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Measuring and modelling the crustal response to the 2011 eruption of Nabro volcano, Eritrea

Hamlyn, Joanna Elizabeth (2015) Measuring and modelling the crustal response to the 2011 eruption of Nabro volcano, Eritrea. PhD thesis, University of Leeds.

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Abstract

Nabro volcano, situated to the east of the Afar Rift Zone, erupted on 12 June 2011. Eruptions at such off-rift volcanoes are infrequent, and consequently the plumbing systems are poorly understood. In this thesis I present post-eruption InSAR and seismic data to delineate the plumbing system of Nabro. I also investigate the temporal evolution of the system. I discuss my findings in reference to the tectonics of the Afar Rift Zone, off-rift volcanism and compare the findings to volcanoes world wide. I present 6 weeks of continuous seismic activity from an array of 7 seismic stations deployed following the eruption. For the analysis I locate and relocate hypocentres, determine focal mechanisms, calculate b-values and cross-correlate waveforms. I have relocated the hypocentres of 456 earthquakes and used the spatial pattern to interpret the local and regional crustal response to the eruption. The shallow earthquakes beneath Nabro's caldera delineate a NE-SW thrust fault which dips 45 degrees to the SE and extends across the caldera floor. This accommodates the stress change following the eruption, rather than movement on ring faults. The NE-SW fault plane is not associated with measurable surface deformation, indicating that it does not contribute much to the caldera deformation. A 10 km deep cluster highlights potential magma migration pathways directly beneath Nabro. On the flanks of the volcano, a linear pattern of earthquakes illuminate possible minor faults. There is also a cluster of earthquakes beneath Mallahle caldera at a depth of 6 km; the b-value for this cluster is 0.97 and is lower than that for clusters under Nabro (b=1.3). This implies that the earthquakes generated at Mallahle are not dominated by magmatic processes and occur in rock with a stronger rheology. Therefore, the seismicity I observed is likely due to changes in the stress field resulting from the subsidence at Nabro, and not caused by magma movement beneath Mallahle. TerraSAR-X and COSMO-SkyMed were both tasked to prioritise the acquisition of SAR data over the volcanic centre. During the following 15 months, Nabro was imaged 129 times by these satellites, with an acquisition every 5 days on average. I processed the 25 images acquired by TerraSAR-X between 1 July 2011 and 5 October 2012 on descending orbit 046, to create 34 interferograms. I complemented these with 19 images from ascending orbit 130 spanning 6 July 2011 to 10 October 2012 from ascending orbit 130, which I used to create 21 interferograms. I produced velocity ratemaps and time series using pi-RATE, showing subsidence of 25 cm/yr offset by 2 km to the SW of Nabro's caldera. COSMO-SkyMed satellite also imaged the volcano on a descending track between 26 June 2011 and 18 July 2012 within the Italian Space Agency project SAR4Volcanoes: a total of 64 images were acquired and used to produce 171 interferograms. I combined the InSAR data sets using a modelling approach to produce a detailed time series of the deflation of a Mogi source at 6.4 km depth. The time series shows that the volcano continued to subside for the entire period of observation, with the most rapid subsidence in the first 12 weeks, followed by subsidence at a slowly declining rate. I assessed the impact of atmosphere delays, using the outputs from ERA-Interim (ERA-I), a global atmospheric model computed by the European Centre for Medium-range Weather Forecasting (ECMWF), to correct each SAR acquisition. The atmospheric correction noticeably reduced the scatter in the time series, and removed the two atmospheric artefacts apparent in the COSMO-SkyMed time series. This result highlighted the importance of applying atmospheric corrections using independent sources of information. This contrasts with a standard approach of filtering in space and time which did not completely remove these atmospheric errors. Without the ERA-I correction the time series appeared to show pulses of recharge; with the correction continued subsidence is observed. I explore mechanisms that might explain the long-lived subsidence at Nabro volcano. In particular, I tested models of thermal contraction, degassing, fluid migration and viscoelasticity. Degassing is the most likely cause of deformation, although contraction due to cooling may also contribute. The long term post-eruption subsidence is unusual in comparison to other active volcanoes. I suggest that the low magma supply rate, combined with the high rate of passive degassing, induces an overall subsidence of the ground surface above Nabro.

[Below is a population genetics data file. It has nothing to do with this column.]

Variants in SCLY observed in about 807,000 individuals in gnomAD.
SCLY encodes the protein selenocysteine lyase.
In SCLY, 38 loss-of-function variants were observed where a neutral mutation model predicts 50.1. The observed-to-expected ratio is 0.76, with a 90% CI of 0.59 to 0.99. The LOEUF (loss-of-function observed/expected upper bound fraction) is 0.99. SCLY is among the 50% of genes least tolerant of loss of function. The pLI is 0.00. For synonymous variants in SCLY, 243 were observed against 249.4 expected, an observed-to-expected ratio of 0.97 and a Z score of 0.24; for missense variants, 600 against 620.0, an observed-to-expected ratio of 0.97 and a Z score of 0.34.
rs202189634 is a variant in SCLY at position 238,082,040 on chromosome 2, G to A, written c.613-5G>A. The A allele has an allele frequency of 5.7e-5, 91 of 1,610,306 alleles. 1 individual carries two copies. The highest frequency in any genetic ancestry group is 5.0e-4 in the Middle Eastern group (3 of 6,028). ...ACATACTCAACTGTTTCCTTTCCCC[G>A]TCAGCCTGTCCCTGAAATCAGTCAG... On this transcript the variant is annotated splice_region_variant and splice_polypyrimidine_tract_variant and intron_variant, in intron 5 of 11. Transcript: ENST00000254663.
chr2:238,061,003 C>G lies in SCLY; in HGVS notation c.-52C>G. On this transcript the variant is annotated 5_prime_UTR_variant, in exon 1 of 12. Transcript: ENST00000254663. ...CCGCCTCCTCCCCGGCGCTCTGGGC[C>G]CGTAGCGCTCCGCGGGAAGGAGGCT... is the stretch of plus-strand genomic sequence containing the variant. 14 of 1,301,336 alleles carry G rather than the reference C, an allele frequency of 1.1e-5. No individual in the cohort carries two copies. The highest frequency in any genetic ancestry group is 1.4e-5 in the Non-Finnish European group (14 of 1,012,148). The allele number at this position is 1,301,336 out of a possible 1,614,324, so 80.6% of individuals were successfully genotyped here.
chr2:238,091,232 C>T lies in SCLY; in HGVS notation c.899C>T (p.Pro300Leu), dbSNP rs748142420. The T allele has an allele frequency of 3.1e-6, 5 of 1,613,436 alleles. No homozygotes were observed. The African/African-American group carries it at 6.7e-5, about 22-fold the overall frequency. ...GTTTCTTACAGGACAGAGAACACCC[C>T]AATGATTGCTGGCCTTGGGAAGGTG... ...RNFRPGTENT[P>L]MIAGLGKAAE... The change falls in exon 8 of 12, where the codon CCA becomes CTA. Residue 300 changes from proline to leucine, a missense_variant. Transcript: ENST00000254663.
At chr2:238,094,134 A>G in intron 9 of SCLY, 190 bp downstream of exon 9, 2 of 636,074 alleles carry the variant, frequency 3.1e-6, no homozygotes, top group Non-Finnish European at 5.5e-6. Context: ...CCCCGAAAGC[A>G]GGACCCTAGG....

Item Type: Thesis (PhD)
Keywords: InSAR, Volcanoes, modelling, subsidence, seismicity
Academic Units: The University of Leeds > Faculty of Environment (Leeds)
The University of Leeds > Faculty of Environment (Leeds) > School of Earth and Environment (Leeds)
The University of Leeds > Faculty of Environment (Leeds) > School of Earth and Environment (Leeds) > Institute of Geophysics and Tectonics (Leeds)
Identification Number/EthosID: uk.bl.ethos.677298
Depositing User: Dr Joanna Hamlyn
Date Deposited: 11 Jan 2016 10:36
Last Modified: 25 Jul 2018 09:51
URI: http://etheses.whiterose.ac.uk/id/eprint/11543

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